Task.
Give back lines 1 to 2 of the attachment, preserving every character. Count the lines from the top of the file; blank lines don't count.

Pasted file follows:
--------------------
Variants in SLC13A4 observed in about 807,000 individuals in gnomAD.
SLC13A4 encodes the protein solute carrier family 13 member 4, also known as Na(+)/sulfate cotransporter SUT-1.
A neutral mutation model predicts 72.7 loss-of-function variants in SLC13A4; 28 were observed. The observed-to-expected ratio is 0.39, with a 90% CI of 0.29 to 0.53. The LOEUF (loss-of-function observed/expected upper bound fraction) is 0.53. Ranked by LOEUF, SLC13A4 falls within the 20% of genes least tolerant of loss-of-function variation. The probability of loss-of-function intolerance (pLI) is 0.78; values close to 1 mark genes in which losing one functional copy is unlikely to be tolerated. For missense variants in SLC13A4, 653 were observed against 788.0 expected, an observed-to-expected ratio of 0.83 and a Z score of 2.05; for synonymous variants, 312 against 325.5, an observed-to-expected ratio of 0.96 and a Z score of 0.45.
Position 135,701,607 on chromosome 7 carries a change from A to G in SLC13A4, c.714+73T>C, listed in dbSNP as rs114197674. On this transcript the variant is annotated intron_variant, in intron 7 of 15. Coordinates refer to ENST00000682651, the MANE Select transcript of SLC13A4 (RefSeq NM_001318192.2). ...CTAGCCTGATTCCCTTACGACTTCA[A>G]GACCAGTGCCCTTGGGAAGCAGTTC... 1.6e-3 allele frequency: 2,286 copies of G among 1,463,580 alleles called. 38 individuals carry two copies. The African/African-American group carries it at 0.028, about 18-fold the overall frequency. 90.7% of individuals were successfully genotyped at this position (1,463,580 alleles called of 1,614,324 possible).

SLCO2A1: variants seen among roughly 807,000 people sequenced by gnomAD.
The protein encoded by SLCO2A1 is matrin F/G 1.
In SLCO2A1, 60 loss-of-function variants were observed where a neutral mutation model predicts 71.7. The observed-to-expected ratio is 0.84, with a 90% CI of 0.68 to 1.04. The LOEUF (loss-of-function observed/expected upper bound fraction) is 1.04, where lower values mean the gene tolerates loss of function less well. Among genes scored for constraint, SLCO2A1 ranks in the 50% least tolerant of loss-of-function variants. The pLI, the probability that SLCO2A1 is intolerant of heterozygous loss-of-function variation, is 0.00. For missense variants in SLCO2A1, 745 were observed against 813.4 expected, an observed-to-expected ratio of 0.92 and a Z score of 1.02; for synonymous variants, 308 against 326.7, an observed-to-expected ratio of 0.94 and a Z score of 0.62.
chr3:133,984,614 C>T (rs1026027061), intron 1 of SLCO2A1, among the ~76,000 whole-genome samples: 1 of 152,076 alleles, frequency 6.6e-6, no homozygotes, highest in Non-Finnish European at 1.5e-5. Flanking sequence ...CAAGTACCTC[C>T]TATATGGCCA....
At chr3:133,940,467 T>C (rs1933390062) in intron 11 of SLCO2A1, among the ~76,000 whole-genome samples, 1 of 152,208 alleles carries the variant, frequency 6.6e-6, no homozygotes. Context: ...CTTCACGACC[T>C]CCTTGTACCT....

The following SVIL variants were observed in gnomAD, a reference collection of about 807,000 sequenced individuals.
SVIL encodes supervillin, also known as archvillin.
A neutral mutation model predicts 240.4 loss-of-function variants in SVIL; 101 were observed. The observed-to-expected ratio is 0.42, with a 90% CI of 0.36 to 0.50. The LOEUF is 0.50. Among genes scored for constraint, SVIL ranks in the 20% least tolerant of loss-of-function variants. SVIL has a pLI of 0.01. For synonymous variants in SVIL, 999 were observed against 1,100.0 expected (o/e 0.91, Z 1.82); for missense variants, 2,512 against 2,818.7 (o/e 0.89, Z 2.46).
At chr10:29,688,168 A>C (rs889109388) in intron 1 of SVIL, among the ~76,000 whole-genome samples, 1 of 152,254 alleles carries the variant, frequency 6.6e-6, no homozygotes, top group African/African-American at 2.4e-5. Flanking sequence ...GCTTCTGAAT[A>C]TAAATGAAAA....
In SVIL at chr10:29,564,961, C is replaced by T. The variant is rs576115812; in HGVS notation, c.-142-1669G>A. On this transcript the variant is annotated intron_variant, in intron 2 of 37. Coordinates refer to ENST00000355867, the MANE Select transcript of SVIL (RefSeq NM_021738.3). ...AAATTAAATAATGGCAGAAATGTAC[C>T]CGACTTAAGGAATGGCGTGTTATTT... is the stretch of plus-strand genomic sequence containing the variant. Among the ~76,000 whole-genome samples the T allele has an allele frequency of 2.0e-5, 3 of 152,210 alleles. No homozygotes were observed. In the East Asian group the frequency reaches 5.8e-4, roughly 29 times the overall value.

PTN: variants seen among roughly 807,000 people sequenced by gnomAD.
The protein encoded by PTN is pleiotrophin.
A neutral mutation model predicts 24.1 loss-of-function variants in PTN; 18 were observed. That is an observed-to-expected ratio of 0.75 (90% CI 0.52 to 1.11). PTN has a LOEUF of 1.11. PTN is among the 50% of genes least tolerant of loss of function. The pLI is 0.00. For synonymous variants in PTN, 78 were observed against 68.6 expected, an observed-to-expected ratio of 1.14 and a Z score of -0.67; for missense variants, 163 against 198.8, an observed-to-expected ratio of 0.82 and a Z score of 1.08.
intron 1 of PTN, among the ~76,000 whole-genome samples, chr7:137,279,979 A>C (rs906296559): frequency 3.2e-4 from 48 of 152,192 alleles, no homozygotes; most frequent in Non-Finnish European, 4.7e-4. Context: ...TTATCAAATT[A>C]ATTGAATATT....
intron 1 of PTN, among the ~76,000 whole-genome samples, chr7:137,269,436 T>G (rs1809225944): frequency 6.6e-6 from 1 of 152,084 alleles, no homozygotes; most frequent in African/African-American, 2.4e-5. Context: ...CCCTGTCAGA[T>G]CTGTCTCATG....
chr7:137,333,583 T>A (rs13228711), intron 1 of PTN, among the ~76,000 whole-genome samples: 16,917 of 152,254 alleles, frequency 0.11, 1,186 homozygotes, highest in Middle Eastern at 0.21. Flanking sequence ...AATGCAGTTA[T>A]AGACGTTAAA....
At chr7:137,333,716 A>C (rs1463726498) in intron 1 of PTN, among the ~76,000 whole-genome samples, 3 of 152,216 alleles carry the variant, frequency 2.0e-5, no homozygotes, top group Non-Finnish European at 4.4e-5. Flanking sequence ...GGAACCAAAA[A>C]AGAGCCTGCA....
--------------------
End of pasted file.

Variants in SLC13A4 observed in about 807,000 individuals in gnomAD.
SLC13A4 encodes the protein solute carrier family 13 member 4, also known as Na(+)/sulfate cotransporter SUT-1.